Rumely Exposition

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Lyman Knapp's bog Oil pull in her work clothes, pulling a threshing machine.
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Lyman Knapp's big Oil Pull in the drawbar during HP testing. It is dragging a Cat 30.
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Ed Larsen's 18 Advance Rumely at the other end of the belt around the prony brake belt wheel.

Route 1 Nashville, Illinois 62263

I submit this report on the activities of the 1990 Pawnee Show,
which were popular indeed. The featured Rumely Exposition was
excellent. It was well attended by both numerous exhibitors and
many members. Also attending was Mr. Paul Rumely from New York. He
is indeed a ‘chip off the old block,’ as the expression
goes, and is an enthusiastic, intelligent, well-educated man who
appreciates our heritage, to which such a great deal was
contributed by his Rumely family. He has a solid overall view of
our hobby, and of the very important part that the Rumely Company
played.

The Rumely subject is vast, and details must also be covered in
other articles, to be sure. Those excellent Rumely steam engines
and Advance Rumely steam engines, followed by surely the very best
in tractors for many years, are not nearly as well known as they
should be. Let’s all contribute to what can be done to spread
the word.

Lots of rain in Oklahoma nearly shut down activities the first
day at Pawnee, and somewhat slowed them on the second day. This,
plus the many activities of the Rumely Exposition, caused us to
postpone the ‘setting contest’ to next year; but the
drawbar pulls, the largely expanded threshing and the horsepower
activities on the brake were all busy.

Before reporting on these activities, I turn to something that
took place which was very good and touching to many of us. It
certainly helped to make the many workers who put on a show feel
good, and make it all seem worthwhile. I refer to a gentleman who
kept his name anonymous when he handed in a poem he wrote that day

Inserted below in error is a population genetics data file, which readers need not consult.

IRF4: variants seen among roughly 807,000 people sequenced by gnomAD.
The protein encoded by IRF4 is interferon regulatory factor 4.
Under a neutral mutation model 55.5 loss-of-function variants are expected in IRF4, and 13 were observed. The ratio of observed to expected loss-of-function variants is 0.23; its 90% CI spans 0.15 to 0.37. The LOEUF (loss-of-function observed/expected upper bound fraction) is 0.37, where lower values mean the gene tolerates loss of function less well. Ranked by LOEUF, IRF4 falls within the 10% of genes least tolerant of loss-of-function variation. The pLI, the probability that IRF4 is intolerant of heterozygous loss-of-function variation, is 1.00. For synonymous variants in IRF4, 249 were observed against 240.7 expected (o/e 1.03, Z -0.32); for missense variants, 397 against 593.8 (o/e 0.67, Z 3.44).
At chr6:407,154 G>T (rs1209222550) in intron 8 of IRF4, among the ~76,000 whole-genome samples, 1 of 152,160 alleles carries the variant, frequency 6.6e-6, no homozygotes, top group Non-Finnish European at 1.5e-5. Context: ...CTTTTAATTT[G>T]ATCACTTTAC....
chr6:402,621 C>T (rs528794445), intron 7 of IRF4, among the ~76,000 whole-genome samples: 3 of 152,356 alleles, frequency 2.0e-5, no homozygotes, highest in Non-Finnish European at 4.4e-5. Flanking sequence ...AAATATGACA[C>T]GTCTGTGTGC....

at the show. I had the honor to read it to the crowds on the public
address system during the parade. We share it with you:

A Day to Be a Boy

Running down the sandy road
Beside one of these wonder machines
Barefoot and hands in
Pockets of overall jeans.
The fire burning
The smell of coal
Whistling steam, the power burning
Deep in my soul
I thank all of you
For the joy
For the day, once again
To be a boy.

The Old Man

I feel confident you agree with me, that it is quite fitting,
and makes us more fully realize the importance of preserving our
heritage for all, while Father Time is thinning the ranks of those
who carry it all in living memory.

The Rumely Oil Pulls at Pawnee were an active group! They were
there in every size and model. The sound of their distinctive
exhausts was everywhere and it was truly a sound and sight to
behold. No doubt the Rumely design was excellent and most agree it
may well have been the best of the kerosene tractors. As the
operators adjusted the kerosene and water mixtures to fit the load,
they performed with excellent results! The heavy thumping exhaust
meant that at the pulley, or at the drawbar, the power was flowing
out to do the job.

Oil Pulls surround Paul Rumely of New York, who has a big smile
on his face, and his right arm around David Bennett and son. Paul
is the great-grandson of M.Rumely.

Most of the Rumely Oil Pulls belted to the brake. It was indeed
a pleasure for me to present to the two and sometimes three filled
grandstands, and many standing around the area, how well the
tractors performed. Most people in attendance had not been aware of
how the operator adjusted the kerosene and water mixtures, and they
were interested in how this would make the Oil Pulls perform so
well.

As usual, on the brake we ran for a while at no load, and then
for some time at part load. During these periods, the operators
would adjust the proportion of kerosene and water to fit the load,